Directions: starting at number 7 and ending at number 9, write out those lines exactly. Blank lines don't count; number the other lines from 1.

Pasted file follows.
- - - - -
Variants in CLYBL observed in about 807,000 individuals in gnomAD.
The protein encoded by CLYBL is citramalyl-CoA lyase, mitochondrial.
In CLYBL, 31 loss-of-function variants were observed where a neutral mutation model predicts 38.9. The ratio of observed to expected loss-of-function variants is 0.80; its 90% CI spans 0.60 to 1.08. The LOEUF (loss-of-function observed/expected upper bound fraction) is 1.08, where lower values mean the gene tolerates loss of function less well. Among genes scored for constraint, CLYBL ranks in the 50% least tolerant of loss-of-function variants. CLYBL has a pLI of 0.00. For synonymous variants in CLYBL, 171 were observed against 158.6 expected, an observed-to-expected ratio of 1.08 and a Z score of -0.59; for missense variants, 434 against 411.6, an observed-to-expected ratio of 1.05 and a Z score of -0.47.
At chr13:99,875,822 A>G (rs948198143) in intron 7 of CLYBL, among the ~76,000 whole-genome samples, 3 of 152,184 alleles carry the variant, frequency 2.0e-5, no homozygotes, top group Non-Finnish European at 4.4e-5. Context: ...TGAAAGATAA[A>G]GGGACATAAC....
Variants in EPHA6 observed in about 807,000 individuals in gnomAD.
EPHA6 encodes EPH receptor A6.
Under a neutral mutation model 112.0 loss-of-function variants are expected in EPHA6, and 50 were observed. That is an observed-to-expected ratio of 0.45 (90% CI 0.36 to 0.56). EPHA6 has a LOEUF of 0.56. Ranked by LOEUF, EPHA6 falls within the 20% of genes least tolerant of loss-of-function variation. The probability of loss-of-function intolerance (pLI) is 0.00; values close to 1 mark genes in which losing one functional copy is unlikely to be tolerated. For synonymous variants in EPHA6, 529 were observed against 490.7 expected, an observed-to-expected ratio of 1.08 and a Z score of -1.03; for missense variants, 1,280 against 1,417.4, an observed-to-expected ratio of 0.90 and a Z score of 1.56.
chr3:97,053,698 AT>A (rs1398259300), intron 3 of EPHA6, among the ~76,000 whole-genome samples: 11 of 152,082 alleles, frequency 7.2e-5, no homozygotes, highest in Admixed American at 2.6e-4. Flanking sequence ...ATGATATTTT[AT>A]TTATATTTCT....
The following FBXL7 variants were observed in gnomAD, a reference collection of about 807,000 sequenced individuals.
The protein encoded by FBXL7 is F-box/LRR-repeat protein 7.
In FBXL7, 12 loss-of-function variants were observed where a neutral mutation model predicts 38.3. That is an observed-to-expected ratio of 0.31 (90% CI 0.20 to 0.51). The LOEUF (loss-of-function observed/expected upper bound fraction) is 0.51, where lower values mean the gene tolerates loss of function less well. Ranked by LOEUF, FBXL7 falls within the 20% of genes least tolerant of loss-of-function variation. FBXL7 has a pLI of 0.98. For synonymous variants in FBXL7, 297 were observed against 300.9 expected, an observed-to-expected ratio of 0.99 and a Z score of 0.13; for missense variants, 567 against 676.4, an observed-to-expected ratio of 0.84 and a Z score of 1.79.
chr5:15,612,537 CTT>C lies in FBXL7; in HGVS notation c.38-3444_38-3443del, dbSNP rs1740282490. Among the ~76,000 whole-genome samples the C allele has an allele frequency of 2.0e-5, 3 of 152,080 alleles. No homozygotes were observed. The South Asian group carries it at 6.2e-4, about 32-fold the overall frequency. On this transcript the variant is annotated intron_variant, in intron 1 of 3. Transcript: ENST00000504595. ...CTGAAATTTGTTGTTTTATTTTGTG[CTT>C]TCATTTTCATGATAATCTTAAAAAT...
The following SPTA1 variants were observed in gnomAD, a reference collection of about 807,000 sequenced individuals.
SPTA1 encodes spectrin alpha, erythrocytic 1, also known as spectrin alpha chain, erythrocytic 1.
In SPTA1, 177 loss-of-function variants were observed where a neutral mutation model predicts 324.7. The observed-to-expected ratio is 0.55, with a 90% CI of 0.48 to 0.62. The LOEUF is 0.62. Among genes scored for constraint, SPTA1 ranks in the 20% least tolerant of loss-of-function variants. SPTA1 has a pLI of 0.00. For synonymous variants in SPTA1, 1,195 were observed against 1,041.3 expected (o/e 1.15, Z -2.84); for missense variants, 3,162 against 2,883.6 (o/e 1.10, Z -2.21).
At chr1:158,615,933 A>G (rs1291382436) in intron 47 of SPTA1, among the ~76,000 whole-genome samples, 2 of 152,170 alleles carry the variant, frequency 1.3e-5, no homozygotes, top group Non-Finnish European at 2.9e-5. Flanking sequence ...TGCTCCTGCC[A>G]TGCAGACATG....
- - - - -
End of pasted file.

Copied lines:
Under a neutral mutation model 112.0 loss-of-function variants are expected in EPHA6, and 50 were observed. That is an observed-to-expected ratio of 0.45 (90% CI 0.36 to 0.56). EPHA6 has a LOEUF of 0.56. Ranked by LOEUF, EPHA6 falls within the 20% of genes least tolerant of loss-of-function variation. The probability of loss-of-function intolerance (pLI) is 0.00; values close to 1 mark genes in which losing one functional copy is unlikely to be tolerated. For synonymous variants in EPHA6, 529 were observed against 490.7 expected, an observed-to-expected ratio of 1.08 and a Z score of -1.03; for missense variants, 1,280 against 1,417.4, an observed-to-expected ratio of 0.90 and a Z score of 1.56.
chr3:97,053,698 AT>A (rs1398259300), intron 3 of EPHA6, among the ~76,000 whole-genome samples: 11 of 152,082 alleles, frequency 7.2e-5, no homozygotes, highest in Admixed American at 2.6e-4. Flanking sequence ...ATGATATTTT[AT>A]TTATATTTCT....
The following FBXL7 variants were observed in gnomAD, a reference collection of about 807,000 sequenced individuals.